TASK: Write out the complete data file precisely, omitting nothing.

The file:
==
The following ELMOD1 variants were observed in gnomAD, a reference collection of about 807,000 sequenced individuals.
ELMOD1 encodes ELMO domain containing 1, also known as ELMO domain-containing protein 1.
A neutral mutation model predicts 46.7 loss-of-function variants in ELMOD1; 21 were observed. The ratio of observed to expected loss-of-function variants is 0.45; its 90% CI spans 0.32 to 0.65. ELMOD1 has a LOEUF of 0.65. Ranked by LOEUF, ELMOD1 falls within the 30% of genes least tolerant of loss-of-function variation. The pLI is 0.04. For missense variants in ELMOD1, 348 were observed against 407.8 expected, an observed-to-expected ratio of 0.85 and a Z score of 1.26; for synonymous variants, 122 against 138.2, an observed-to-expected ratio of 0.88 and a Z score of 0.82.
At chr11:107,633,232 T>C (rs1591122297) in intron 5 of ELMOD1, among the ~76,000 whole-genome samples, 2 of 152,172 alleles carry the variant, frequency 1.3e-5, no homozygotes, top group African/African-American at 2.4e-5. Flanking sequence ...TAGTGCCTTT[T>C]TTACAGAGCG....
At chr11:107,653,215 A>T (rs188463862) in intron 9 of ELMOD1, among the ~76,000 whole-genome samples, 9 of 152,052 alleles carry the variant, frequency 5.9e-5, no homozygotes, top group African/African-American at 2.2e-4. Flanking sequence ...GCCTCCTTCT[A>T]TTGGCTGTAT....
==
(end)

The following ELMOD1 variants were observed in gnomAD, a reference collection of about 807,000 sequenced individuals.
ELMOD1 encodes ELMO domain containing 1, also known as ELMO domain-containing protein 1.
A neutral mutation model predicts 46.7 loss-of-function variants in ELMOD1; 21 were observed. The ratio of observed to expected loss-of-function variants is 0.45; its 90% CI spans 0.32 to 0.65. ELMOD1 has a LOEUF of 0.65. Ranked by LOEUF, ELMOD1 falls within the 30% of genes least tolerant of loss-of-function variation. The pLI is 0.04. For missense variants in ELMOD1, 348 were observed against 407.8 expected, an observed-to-expected ratio of 0.85 and a Z score of 1.26; for synonymous variants, 122 against 138.2, an observed-to-expected ratio of 0.88 and a Z score of 0.82.
At chr11:107,633,232 T>C (rs1591122297) in intron 5 of ELMOD1, among the ~76,000 whole-genome samples, 2 of 152,172 alleles carry the variant, frequency 1.3e-5, no homozygotes, top group African/African-American at 2.4e-5. Flanking sequence ...TAGTGCCTTT[T>C]TTACAGAGCG....
At chr11:107,653,215 A>T (rs188463862) in intron 9 of ELMOD1, among the ~76,000 whole-genome samples, 9 of 152,052 alleles carry the variant, frequency 5.9e-5, no homozygotes, top group African/African-American at 2.2e-4. Flanking sequence ...GCCTCCTTCT[A>T]TTGGCTGTAT....